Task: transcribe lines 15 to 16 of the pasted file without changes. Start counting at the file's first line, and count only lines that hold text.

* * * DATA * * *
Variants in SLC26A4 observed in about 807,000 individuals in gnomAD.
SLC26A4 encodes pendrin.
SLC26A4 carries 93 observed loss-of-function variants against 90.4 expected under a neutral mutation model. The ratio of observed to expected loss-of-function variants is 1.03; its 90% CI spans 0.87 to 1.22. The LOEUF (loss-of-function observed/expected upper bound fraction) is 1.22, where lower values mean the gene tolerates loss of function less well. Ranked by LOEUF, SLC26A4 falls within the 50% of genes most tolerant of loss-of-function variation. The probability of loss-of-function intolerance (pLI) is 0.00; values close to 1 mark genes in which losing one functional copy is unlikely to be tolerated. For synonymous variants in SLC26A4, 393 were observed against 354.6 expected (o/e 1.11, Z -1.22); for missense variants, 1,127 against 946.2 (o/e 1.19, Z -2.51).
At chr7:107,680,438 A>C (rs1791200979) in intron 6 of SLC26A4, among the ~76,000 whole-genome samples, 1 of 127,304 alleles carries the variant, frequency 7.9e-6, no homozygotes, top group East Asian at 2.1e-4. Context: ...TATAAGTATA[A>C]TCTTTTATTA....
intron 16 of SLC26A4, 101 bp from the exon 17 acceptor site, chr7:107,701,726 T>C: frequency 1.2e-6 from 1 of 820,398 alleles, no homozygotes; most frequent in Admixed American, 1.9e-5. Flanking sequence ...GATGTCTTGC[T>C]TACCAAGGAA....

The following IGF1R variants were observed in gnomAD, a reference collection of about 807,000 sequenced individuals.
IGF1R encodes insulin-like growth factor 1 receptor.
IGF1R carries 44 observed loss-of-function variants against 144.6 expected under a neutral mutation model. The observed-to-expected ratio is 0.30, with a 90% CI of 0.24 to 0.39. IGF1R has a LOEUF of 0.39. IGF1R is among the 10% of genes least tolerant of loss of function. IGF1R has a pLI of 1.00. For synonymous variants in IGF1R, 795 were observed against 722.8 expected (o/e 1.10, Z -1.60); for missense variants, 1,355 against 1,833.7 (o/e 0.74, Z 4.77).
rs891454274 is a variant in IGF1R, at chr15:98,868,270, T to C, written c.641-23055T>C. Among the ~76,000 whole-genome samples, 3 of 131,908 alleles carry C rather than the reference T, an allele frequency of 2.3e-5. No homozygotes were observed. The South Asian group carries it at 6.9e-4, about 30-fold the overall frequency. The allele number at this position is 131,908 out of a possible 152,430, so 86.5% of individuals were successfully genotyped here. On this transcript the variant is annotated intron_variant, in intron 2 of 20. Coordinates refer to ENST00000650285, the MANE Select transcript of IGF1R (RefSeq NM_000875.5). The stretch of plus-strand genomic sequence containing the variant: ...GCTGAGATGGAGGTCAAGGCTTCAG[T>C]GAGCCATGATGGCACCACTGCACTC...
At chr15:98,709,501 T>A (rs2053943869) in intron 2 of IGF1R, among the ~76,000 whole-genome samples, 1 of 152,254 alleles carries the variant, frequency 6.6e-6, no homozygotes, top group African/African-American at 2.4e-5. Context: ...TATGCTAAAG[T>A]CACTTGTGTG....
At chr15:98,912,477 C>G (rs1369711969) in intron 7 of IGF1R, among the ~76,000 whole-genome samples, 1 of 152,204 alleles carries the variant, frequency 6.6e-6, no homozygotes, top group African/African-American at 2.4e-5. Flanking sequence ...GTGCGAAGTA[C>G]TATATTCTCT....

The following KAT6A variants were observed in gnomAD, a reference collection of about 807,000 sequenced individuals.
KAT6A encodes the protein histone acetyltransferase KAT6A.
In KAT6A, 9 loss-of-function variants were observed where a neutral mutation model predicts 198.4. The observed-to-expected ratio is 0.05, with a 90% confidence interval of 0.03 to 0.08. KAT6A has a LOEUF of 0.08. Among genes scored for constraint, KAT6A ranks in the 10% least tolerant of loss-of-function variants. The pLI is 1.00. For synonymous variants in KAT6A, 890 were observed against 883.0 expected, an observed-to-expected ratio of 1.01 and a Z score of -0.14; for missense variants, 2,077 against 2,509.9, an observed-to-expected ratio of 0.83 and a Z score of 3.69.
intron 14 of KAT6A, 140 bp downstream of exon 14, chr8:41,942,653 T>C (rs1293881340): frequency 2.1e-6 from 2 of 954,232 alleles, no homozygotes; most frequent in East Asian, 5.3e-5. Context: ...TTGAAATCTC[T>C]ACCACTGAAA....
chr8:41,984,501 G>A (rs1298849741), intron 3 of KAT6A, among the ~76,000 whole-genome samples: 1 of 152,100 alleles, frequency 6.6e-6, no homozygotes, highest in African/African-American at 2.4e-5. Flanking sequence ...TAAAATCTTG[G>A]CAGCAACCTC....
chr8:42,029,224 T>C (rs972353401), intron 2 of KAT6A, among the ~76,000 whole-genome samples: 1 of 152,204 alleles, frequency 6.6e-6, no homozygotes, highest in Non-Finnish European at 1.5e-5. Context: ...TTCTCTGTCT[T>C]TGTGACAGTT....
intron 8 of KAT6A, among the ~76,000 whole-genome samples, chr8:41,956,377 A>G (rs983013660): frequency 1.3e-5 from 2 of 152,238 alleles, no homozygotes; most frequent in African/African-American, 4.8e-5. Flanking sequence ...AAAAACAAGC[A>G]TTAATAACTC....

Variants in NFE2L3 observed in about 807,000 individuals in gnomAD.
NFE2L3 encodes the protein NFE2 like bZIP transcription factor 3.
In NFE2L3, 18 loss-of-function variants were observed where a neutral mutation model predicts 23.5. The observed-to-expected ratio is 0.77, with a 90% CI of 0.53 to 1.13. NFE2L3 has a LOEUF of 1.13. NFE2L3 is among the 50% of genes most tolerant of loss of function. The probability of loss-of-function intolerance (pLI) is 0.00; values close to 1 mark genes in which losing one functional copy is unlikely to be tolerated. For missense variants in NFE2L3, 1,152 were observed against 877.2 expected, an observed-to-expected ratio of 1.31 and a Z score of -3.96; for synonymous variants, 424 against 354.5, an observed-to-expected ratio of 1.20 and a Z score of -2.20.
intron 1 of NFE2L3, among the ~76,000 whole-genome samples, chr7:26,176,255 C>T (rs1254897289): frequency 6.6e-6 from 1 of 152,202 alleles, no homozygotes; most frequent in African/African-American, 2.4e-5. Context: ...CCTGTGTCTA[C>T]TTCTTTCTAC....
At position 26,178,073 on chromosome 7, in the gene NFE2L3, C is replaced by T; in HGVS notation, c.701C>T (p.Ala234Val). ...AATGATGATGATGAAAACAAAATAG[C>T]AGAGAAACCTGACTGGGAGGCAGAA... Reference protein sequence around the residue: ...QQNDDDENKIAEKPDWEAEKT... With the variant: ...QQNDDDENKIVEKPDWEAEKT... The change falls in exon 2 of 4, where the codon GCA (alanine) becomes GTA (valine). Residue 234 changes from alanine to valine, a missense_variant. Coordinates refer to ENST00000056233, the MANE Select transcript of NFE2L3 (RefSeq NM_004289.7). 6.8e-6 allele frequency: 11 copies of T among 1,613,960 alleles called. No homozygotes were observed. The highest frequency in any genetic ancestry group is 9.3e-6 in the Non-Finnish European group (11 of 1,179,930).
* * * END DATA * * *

intron 14 of KAT6A, 140 bp downstream of exon 14, chr8:41,942,653 T>C (rs1293881340): frequency 2.1e-6 from 2 of 954,232 alleles, no homozygotes; most frequent in East Asian, 5.3e-5. Context: ...TTGAAATCTC[T>C]ACCACTGAAA....
chr8:41,984,501 G>A (rs1298849741), intron 3 of KAT6A, among the ~76,000 whole-genome samples: 1 of 152,100 alleles, frequency 6.6e-6, no homozygotes, highest in African/African-American at 2.4e-5. Flanking sequence ...TAAAATCTTG[G>A]CAGCAACCTC....